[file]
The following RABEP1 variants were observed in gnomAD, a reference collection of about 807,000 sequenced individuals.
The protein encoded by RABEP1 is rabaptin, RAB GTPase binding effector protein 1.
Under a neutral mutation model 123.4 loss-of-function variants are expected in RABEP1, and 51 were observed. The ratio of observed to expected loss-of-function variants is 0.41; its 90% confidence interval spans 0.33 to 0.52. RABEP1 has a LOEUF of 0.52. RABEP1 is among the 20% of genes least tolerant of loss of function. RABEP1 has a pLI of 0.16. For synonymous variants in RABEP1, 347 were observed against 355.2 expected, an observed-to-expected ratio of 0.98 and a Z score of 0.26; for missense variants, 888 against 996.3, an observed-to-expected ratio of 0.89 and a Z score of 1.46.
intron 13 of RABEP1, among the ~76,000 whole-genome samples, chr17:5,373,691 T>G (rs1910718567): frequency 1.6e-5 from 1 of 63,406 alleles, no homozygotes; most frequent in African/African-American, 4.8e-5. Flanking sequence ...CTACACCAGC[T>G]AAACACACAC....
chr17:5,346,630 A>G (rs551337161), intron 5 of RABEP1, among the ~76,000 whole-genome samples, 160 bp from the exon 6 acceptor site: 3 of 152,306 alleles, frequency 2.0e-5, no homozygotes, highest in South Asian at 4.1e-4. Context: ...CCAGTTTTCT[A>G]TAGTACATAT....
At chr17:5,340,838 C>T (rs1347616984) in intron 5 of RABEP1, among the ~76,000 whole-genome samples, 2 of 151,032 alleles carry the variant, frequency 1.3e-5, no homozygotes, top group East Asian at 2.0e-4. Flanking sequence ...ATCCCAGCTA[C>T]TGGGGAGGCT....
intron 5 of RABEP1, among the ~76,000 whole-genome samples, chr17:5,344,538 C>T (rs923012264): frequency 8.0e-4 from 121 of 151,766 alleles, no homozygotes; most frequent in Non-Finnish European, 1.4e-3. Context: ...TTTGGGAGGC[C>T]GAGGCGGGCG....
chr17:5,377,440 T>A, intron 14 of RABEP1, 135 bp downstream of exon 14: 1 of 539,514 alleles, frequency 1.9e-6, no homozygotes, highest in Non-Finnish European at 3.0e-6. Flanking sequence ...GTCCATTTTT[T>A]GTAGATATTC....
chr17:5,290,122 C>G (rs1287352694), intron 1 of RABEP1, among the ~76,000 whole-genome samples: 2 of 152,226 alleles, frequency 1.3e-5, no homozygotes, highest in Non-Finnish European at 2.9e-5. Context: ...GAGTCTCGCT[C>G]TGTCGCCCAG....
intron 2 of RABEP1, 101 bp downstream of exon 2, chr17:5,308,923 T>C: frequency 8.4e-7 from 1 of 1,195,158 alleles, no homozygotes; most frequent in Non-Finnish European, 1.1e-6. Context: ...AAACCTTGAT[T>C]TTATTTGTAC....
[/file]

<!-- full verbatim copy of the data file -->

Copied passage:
The following RABEP1 variants were observed in gnomAD, a reference collection of about 807,000 sequenced individuals.
The protein encoded by RABEP1 is rabaptin, RAB GTPase binding effector protein 1.
Under a neutral mutation model 123.4 loss-of-function variants are expected in RABEP1, and 51 were observed. The ratio of observed to expected loss-of-function variants is 0.41; its 90% confidence interval spans 0.33 to 0.52. RABEP1 has a LOEUF of 0.52. RABEP1 is among the 20% of genes least tolerant of loss of function. RABEP1 has a pLI of 0.16. For synonymous variants in RABEP1, 347 were observed against 355.2 expected, an observed-to-expected ratio of 0.98 and a Z score of 0.26; for missense variants, 888 against 996.3, an observed-to-expected ratio of 0.89 and a Z score of 1.46.
intron 13 of RABEP1, among the ~76,000 whole-genome samples, chr17:5,373,691 T>G (rs1910718567): frequency 1.6e-5 from 1 of 63,406 alleles, no homozygotes; most frequent in African/African-American, 4.8e-5. Flanking sequence ...CTACACCAGC[T>G]AAACACACAC....
chr17:5,346,630 A>G (rs551337161), intron 5 of RABEP1, among the ~76,000 whole-genome samples, 160 bp from the exon 6 acceptor site: 3 of 152,306 alleles, frequency 2.0e-5, no homozygotes, highest in South Asian at 4.1e-4. Context: ...CCAGTTTTCT[A>G]TAGTACATAT....
At chr17:5,340,838 C>T (rs1347616984) in intron 5 of RABEP1, among the ~76,000 whole-genome samples, 2 of 151,032 alleles carry the variant, frequency 1.3e-5, no homozygotes, top group East Asian at 2.0e-4. Flanking sequence ...ATCCCAGCTA[C>T]TGGGGAGGCT....
intron 5 of RABEP1, among the ~76,000 whole-genome samples, chr17:5,344,538 C>T (rs923012264): frequency 8.0e-4 from 121 of 151,766 alleles, no homozygotes; most frequent in Non-Finnish European, 1.4e-3. Context: ...TTTGGGAGGC[C>T]GAGGCGGGCG....
chr17:5,377,440 T>A, intron 14 of RABEP1, 135 bp downstream of exon 14: 1 of 539,514 alleles, frequency 1.9e-6, no homozygotes, highest in Non-Finnish European at 3.0e-6. Flanking sequence ...GTCCATTTTT[T>A]GTAGATATTC....
chr17:5,290,122 C>G (rs1287352694), intron 1 of RABEP1, among the ~76,000 whole-genome samples: 2 of 152,226 alleles, frequency 1.3e-5, no homozygotes, highest in Non-Finnish European at 2.9e-5. Context: ...GAGTCTCGCT[C>G]TGTCGCCCAG....
intron 2 of RABEP1, 101 bp downstream of exon 2, chr17:5,308,923 T>C: frequency 8.4e-7 from 1 of 1,195,158 alleles, no homozygotes; most frequent in Non-Finnish European, 1.1e-6. Context: ...AAACCTTGAT[T>C]TTATTTGTAC....